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Notorious Nazi’s car in North Carolina

American restoration team hopes to park Hermann Goring’s Mercedes at a Holocaust museum

Renee Ghert-Zand is a reporter and feature writer for The Times of Israel.

Göring's 1941 Mercedes Benz before it was captured by the Allies. (Courtesy of Steven Saffer)
Göring's 1941 Mercedes Benz before it was captured by the Allies. (Courtesy of Steven Saffer)

Notorious Nazi Hermann Göring came to the end of the road in 1946, committing suicide right before he was to be hanged for crimes against humanity. But his specially designed car, a 1941 Mercedes Benz 540K Cabriolet B, traveled on — all the way to North Carolina, where it was recently discovered.

The vehicle, now owned and being restored by High Velocity Classics of Pompano Beach, Florida, is considered a trophy celebrating the Allied victory in Europe. The US Army’s 7th Infantry captured the car at Hitler’s villa at Berchtesgaden on the last day of the war in May 1945. After it was painted OD Green with the Army star on the hood, it became the personal vehicle of Colonel John A. Heintges, the 7th Infantry commander. Toward the end of the US occupation of Germany, the car was sold as surplus to a US Army staff sergeant who had it shipped to Texas. A few years later, he sold the Mercedes to North Carolina resident Richard Taylor.

The car has been with Taylor ever since, but not exactly in one piece. An aborted attempt at restoring the car in the 1970s left it partially disassembled. High Velocity partners Steven Saffer and David Rathbun discovered it with the chassis, seats and engine intact, but with the remainder of the car in boxes.

Saffer and Rathbun owe their discovery of the historically significant automobile to serendipity. “Steve was having dinner one evening, and he ran into someone in the car business who told him the car was in existence,” Rathbun told The Times of Israel. “We knew we had to follow up on this extraordinary piece of history.”

Following two and half months of difficult detective work, the partners located the car and were able to verify its authenticity with Mercedes Benz. Amazingly, much of the car’s original documentation was with Taylor, despite so many years having passed.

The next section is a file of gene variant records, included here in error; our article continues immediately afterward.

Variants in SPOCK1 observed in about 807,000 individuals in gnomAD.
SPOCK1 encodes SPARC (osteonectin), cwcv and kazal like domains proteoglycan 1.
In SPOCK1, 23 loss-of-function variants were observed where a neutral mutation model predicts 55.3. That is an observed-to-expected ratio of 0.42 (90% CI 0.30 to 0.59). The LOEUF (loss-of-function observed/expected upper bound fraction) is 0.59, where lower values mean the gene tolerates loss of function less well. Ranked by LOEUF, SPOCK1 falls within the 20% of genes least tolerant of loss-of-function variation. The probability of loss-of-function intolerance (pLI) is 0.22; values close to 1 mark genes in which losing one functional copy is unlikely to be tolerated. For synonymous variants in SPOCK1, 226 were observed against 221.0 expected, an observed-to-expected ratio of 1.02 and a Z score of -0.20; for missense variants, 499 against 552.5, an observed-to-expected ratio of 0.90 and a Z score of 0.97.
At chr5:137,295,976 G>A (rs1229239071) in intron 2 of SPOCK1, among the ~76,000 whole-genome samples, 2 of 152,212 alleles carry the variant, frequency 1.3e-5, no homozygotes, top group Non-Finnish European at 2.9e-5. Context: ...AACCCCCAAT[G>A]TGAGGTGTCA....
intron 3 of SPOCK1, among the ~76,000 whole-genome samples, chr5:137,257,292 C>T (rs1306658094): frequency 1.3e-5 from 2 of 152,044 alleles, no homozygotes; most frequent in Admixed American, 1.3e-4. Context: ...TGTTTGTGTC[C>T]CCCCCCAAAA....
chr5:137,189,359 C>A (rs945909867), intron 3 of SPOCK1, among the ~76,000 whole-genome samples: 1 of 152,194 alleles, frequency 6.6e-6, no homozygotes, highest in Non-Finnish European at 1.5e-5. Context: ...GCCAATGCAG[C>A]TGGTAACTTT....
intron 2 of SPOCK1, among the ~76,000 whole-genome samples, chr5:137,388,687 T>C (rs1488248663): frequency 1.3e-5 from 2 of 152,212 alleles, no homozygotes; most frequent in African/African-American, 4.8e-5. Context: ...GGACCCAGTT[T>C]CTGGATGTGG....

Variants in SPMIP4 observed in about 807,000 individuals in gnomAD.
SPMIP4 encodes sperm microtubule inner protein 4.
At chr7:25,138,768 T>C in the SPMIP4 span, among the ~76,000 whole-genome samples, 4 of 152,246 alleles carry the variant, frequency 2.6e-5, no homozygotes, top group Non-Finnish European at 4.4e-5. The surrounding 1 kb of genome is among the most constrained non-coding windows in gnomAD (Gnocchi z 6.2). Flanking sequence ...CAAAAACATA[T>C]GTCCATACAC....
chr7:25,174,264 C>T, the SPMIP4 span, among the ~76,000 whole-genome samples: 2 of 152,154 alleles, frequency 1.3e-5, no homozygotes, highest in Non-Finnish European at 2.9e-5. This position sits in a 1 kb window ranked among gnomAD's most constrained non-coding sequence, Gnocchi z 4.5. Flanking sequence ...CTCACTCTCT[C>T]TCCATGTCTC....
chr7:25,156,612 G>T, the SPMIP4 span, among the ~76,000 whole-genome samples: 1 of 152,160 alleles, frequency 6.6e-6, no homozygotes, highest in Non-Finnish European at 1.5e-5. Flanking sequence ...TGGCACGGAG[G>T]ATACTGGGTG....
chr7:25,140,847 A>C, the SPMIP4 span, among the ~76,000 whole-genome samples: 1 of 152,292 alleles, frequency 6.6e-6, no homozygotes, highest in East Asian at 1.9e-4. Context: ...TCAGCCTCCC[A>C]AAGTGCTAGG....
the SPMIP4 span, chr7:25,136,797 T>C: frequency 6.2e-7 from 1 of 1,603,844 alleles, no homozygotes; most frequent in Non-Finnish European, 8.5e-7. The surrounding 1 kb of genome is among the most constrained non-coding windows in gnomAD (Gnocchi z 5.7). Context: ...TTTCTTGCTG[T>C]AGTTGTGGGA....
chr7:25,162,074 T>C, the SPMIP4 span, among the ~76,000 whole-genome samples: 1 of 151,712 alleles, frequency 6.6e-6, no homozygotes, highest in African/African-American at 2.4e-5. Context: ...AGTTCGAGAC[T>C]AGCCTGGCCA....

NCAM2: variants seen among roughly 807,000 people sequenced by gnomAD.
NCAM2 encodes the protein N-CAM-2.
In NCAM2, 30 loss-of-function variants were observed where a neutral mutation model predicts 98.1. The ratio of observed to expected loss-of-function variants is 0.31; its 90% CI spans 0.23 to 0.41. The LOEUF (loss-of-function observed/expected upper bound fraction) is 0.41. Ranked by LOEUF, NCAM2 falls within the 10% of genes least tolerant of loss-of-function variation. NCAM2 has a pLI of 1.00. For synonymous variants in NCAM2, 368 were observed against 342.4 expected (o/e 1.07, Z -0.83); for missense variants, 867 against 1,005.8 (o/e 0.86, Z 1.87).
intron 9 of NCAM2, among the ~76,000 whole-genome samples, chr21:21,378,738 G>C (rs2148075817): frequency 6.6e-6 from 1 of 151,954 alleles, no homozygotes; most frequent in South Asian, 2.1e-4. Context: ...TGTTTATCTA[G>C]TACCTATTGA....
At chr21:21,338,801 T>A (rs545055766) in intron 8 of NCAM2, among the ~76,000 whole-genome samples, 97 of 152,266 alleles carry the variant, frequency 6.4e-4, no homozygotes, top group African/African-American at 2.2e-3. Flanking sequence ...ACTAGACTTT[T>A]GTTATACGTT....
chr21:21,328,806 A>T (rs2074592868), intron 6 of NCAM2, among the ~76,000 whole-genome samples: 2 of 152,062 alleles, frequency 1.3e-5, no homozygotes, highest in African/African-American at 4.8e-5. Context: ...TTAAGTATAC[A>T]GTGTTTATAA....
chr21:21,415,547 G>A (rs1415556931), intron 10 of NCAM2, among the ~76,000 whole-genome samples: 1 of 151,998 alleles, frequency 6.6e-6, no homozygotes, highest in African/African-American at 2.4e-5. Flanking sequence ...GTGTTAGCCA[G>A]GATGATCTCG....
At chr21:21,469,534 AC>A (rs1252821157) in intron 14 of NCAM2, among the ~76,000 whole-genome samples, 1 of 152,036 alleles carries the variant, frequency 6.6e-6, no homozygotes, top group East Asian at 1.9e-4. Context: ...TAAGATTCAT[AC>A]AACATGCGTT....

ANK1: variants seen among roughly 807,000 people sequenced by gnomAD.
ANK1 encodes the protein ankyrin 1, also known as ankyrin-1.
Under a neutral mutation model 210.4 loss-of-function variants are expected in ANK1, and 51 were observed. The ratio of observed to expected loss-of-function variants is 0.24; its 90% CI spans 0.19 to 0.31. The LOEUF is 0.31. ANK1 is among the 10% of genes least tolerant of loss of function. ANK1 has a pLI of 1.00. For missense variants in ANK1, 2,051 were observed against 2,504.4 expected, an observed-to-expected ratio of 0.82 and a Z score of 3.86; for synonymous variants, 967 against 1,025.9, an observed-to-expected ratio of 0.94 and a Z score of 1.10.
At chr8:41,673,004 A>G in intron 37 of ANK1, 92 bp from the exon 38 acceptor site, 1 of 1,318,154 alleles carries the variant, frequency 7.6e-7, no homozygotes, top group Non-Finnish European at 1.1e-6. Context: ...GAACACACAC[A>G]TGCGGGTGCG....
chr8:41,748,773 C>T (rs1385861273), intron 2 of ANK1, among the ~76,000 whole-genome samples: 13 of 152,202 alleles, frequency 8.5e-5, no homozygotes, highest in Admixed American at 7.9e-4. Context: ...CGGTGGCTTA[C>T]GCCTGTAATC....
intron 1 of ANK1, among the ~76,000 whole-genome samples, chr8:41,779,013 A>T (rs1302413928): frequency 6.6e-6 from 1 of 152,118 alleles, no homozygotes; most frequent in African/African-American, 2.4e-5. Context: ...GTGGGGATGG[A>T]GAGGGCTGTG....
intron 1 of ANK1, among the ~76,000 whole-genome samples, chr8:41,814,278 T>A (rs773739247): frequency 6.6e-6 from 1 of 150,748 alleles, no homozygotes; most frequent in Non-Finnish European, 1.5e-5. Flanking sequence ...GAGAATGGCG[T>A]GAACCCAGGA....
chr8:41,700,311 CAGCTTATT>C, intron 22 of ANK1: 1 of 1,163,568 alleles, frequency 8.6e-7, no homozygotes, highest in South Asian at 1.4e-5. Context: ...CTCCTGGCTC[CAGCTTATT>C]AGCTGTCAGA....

According to Rathbun, only three Third Reich cars are currently in North America: Another one of Göring’s is at West Point, and one of Hitler’s is at the Canadian War Museum in Ottawa.

While another Göring car recently went for £16 million ($24.55 million), Rathbun said he doesn’t think this car, a lower-end model, would fetch such a high price. Still, it is the last of its type ever made (regular production of the model ended in 1939), and was one of the best and most powerful vehicles in the world at the time of its manufacture.

The High Velocity Classics partners view the car differently from any other. “We are motivated by the thought that we have found a piece of the war that has been buried. We saved it, and we want to put it into the right hands,” Rathbun said.

“We’ve consulted with the rabbi [Leonid Feldman] at Temple Beth El in West Palm Beach, and following his recommendation, we are going to see if the US Holocaust Memorial Museum in Washington or Yad Vashem in Jerusalem would be interested in it,” Rathbun shared. “We’d need a donor to come forward to help us with that,” he continued.

They’d also consider selling the car to another museum, or to a serious collector, so long as the recipient understands the artifact’s historical significance. “We will not let it be abused,” Rathbun emphasized. The fact that both Saffer and Jason Wenig, who has been hired to carry out the restoration, are Jewish lends an additional layer of sensitivity.

“Whatever profit we make, we will give a significant portion to a Jewish cause,” Rathbun said.

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